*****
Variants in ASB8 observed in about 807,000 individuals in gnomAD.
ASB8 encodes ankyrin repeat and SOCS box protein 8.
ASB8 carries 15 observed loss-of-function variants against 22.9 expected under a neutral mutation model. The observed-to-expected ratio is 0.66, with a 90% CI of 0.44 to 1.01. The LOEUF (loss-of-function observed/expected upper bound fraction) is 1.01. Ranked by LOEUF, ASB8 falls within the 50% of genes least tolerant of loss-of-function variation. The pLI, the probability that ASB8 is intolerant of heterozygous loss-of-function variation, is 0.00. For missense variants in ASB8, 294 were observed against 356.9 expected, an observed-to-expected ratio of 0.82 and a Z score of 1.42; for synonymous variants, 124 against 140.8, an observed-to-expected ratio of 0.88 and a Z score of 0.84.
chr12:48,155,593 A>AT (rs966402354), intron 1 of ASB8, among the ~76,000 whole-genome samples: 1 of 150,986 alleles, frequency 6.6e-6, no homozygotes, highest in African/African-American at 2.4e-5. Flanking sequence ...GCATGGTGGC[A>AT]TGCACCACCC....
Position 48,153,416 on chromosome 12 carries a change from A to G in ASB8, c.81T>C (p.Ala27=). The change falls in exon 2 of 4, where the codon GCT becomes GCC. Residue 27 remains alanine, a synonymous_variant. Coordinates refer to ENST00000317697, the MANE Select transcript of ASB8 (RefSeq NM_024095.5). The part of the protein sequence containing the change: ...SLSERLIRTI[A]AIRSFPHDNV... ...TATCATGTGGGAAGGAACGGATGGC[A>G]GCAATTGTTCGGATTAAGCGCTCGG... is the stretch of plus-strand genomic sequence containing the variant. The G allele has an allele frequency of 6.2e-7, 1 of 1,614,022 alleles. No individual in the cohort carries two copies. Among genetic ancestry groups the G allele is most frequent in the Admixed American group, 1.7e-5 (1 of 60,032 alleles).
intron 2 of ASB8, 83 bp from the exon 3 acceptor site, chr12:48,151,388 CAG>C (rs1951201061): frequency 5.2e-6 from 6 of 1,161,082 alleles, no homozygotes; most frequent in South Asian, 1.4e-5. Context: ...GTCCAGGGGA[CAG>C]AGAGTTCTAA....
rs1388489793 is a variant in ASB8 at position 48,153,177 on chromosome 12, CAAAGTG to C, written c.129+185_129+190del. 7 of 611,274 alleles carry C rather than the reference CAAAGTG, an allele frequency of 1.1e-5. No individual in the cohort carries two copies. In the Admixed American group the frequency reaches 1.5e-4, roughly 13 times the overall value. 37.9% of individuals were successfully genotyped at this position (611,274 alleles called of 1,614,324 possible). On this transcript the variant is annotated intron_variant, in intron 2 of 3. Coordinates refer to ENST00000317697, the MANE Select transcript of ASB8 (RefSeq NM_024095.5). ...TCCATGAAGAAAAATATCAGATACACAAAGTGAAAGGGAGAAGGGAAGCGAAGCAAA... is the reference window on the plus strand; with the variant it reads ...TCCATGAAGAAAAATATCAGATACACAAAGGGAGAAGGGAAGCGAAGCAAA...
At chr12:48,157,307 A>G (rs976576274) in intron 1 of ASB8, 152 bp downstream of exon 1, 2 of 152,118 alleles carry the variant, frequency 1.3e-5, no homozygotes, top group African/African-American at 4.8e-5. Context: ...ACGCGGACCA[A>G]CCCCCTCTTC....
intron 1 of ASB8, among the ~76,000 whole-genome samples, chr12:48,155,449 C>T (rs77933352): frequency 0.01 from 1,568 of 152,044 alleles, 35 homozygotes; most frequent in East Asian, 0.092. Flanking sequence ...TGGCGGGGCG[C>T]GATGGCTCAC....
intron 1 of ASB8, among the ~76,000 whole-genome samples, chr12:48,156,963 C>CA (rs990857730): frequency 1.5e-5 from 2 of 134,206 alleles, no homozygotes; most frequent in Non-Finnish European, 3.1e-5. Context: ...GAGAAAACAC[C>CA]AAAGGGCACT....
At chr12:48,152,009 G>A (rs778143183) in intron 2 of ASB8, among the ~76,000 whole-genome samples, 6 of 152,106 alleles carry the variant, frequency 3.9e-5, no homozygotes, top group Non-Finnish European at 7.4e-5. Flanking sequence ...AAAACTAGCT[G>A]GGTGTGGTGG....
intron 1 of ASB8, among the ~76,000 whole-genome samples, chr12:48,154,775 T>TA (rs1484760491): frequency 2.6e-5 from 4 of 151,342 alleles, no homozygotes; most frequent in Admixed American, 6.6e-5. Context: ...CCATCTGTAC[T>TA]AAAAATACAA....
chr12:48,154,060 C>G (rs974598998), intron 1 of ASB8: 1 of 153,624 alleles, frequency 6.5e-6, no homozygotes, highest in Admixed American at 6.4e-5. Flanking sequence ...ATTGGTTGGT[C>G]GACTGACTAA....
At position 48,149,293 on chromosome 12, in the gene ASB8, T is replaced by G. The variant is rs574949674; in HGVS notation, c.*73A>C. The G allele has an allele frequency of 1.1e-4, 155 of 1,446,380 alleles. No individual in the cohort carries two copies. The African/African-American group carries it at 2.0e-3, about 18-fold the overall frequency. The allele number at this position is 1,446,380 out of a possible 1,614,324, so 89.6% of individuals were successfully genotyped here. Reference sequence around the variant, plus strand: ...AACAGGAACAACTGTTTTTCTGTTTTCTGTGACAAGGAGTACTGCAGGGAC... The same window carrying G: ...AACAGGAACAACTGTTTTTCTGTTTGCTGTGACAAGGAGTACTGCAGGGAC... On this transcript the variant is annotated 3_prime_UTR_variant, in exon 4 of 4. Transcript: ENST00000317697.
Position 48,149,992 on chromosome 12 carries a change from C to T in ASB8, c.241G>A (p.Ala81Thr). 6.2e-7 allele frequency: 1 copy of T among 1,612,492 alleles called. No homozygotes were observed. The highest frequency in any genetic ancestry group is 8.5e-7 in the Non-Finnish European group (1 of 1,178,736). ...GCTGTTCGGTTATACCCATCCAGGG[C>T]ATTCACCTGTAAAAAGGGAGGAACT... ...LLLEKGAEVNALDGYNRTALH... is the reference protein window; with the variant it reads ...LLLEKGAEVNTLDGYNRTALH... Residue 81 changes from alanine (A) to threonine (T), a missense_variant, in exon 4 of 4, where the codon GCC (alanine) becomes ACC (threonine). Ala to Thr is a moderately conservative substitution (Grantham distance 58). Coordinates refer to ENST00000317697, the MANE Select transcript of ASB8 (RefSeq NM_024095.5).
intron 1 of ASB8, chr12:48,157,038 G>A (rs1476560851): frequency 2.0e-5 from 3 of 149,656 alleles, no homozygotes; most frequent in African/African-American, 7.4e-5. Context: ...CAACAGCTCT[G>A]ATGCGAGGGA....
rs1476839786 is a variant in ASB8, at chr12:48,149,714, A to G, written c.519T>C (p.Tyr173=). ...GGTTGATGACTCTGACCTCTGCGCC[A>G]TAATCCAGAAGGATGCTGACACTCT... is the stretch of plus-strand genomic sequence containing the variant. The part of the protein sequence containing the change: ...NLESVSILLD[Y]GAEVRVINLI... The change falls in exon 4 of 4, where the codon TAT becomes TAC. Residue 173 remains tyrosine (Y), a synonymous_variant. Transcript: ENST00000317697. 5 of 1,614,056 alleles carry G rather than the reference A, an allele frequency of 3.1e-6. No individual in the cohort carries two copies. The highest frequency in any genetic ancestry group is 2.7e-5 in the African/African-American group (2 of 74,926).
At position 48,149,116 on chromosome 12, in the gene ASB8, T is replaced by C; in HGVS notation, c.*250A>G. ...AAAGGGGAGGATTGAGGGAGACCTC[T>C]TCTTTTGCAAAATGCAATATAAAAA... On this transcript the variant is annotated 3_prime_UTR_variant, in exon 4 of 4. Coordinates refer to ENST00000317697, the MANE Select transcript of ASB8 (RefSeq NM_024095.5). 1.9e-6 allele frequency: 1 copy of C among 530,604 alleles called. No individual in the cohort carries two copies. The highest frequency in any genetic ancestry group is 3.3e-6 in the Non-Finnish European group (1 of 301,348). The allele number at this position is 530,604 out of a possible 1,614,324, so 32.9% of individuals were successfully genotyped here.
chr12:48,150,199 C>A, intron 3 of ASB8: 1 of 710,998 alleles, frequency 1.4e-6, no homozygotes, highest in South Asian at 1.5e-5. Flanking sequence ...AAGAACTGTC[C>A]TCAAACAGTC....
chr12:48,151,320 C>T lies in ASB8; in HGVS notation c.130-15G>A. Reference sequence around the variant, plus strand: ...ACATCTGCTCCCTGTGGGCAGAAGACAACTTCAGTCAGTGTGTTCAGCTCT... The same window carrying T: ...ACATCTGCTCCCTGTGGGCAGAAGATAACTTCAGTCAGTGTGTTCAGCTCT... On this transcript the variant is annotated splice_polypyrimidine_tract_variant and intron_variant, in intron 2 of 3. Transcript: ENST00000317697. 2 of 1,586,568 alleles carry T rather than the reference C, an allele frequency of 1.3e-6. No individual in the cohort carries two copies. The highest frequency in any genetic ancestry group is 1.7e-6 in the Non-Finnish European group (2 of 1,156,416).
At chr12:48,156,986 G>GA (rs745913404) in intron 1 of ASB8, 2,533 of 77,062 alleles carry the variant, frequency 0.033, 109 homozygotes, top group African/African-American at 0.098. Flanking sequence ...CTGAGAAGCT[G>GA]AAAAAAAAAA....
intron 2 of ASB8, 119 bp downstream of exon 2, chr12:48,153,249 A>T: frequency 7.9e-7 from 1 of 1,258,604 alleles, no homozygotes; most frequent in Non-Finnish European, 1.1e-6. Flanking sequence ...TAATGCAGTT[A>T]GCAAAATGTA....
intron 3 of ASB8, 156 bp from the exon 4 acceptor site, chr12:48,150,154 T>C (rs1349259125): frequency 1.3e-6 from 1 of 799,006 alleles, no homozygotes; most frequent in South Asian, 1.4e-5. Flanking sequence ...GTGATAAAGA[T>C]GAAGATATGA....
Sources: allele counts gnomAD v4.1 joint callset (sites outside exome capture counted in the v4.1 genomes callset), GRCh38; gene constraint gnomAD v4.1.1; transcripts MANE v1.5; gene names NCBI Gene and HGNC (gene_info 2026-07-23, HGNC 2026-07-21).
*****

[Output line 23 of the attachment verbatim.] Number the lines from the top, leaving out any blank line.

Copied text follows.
intron 3 of ASB8, 156 bp from the exon 4 acceptor site, chr12:48,150,154 T>C (rs1349259125): frequency 1.3e-6 from 1 of 799,006 alleles, no homozygotes; most frequent in South Asian, 1.4e-5. Flanking sequence ...GTGATAAAGA[T>C]GAAGATATGA....